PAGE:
By now, you’ve no doubt read that Thomson Reuters has acquired legal process outsourcing company Pangea3. As other commentators have stated here and here, the acquisition brings credibility to the legal process outsourcing industry and expands Thomson’s workflow and information offerings (e.g. Westlaw). However, instead of simply widening its array of information services, Pangea3 provides Thomson the opportunity to create a legal-centric consulting firm with more similarities to Accenture and IBM Global Services than to LexisNexis. Accenture and IBM both offer global clients a full range of business consulting, technology, and outsourcing services. Thomson now has these overlapping elements with subsidiary Hildebrandt Baker Robbins (legal consulting), divisions providing practice management and operations applications (technology), and Pangea3 (outsourcing). It also has additional consulting and technology legal services that fit into this structure. Read the rest of this entry »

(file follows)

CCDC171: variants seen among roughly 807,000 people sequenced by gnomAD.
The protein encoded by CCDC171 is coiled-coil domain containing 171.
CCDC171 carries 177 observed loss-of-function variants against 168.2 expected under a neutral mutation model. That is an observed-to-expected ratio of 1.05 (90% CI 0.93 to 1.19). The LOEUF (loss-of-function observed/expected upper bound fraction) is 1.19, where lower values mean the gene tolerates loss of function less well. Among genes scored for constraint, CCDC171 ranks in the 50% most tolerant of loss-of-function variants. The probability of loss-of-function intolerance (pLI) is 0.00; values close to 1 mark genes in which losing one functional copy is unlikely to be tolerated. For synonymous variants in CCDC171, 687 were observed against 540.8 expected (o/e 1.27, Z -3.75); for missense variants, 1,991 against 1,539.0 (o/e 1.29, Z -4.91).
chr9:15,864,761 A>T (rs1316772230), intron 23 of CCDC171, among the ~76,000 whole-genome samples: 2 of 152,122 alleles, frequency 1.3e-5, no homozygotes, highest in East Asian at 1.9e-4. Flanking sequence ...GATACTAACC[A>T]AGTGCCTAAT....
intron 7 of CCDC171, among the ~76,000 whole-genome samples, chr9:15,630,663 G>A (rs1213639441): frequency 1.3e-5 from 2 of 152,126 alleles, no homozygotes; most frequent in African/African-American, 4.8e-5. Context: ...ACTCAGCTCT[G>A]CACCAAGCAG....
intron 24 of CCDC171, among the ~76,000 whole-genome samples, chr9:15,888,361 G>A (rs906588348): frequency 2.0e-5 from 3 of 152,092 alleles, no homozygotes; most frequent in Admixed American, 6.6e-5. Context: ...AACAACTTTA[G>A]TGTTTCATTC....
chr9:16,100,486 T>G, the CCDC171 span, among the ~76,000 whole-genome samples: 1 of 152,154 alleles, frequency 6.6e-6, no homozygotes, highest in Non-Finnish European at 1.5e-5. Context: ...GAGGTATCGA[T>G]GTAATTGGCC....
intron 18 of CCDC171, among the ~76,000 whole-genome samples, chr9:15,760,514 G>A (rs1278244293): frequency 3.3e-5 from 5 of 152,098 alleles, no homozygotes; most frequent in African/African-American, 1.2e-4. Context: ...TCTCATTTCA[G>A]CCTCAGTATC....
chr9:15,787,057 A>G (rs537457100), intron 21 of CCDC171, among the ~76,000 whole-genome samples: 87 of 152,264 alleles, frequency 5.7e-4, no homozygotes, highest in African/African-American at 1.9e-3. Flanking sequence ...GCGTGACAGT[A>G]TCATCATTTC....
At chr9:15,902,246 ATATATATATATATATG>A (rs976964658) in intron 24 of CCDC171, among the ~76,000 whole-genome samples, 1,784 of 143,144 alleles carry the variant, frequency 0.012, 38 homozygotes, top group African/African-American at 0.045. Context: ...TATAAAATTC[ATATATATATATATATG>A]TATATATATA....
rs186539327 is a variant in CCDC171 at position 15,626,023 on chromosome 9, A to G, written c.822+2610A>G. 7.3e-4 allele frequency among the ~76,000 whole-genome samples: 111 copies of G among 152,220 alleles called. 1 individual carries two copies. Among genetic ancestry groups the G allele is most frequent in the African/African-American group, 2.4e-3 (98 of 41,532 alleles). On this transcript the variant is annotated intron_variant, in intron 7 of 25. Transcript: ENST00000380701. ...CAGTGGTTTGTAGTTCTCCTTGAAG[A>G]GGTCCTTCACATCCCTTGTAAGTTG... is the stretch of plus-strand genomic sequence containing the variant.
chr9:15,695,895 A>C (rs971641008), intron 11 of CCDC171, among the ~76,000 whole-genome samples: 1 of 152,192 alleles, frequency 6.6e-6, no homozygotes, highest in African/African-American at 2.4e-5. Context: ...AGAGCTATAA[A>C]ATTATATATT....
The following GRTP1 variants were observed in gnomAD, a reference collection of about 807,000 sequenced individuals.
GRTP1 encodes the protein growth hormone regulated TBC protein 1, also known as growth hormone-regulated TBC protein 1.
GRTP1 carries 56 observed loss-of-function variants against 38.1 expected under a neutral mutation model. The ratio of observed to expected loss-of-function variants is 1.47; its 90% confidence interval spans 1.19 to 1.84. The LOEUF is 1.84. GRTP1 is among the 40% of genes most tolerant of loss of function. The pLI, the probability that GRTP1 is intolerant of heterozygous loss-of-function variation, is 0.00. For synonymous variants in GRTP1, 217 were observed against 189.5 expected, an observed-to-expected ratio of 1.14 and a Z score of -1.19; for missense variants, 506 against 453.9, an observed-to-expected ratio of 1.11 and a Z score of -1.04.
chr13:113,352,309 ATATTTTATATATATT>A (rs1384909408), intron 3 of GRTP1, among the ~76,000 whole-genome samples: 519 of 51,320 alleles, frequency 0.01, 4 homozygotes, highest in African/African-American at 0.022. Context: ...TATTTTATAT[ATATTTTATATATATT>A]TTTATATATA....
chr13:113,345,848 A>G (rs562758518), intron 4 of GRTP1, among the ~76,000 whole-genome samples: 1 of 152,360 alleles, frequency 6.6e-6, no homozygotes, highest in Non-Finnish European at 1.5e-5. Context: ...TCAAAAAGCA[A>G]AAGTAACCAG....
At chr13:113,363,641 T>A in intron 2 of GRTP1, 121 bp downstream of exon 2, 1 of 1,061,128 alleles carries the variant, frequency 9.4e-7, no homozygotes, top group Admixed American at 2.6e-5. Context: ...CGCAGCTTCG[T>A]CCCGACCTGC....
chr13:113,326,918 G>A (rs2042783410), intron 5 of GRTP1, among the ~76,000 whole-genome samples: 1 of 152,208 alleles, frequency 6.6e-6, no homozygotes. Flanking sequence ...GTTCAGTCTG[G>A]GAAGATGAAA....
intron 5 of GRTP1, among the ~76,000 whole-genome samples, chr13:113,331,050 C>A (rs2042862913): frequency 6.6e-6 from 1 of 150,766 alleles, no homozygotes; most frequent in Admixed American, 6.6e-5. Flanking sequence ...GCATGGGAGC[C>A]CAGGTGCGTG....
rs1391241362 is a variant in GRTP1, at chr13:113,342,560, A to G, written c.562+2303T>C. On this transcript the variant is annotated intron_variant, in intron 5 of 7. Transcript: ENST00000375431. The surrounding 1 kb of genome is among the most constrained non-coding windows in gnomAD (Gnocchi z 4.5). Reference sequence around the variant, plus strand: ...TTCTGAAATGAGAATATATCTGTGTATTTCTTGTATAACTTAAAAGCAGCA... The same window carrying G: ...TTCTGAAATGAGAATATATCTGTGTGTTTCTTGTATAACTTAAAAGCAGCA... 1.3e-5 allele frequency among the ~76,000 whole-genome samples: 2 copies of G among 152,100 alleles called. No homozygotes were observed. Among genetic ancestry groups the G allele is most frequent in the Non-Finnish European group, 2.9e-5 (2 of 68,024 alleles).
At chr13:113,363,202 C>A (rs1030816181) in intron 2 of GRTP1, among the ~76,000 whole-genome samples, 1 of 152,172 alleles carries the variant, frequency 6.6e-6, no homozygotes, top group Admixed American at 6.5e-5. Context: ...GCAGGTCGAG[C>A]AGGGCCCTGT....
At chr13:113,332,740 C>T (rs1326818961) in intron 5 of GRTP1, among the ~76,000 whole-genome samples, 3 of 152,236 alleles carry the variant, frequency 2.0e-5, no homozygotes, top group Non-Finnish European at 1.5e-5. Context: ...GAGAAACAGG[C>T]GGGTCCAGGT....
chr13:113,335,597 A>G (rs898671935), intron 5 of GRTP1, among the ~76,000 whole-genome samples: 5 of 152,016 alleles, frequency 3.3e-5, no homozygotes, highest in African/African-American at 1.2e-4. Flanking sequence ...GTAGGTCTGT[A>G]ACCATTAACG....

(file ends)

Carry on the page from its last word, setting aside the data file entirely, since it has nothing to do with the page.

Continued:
As readers of Global Legal are undoubtedly aware, last month UK-based law firm CMS Cameron McKenna LLP (“CMcK “) announced a 10 year, £583M arrangement with Integreon to outsource its middle office services. In contrast to US-based WilmerHale’s recent initiative to move support services to a wholly-owned subsidiary in Dayton, Ohio, the CMcK-Integreon deal moves operations to a global legal services provider. Interestingly, both firms have been silent on legal process outsourcing. We at Global Legal were curious about how CMcK made its selection, and recently asked Tony Wright, Cameron McKenna’s Director of Operations, about their decision process. In the first of this two-part post, Tony talks about CMcK’s decision process, including who was involved, what criteria were used, and how long it took. Tony’s responses to my questions are below.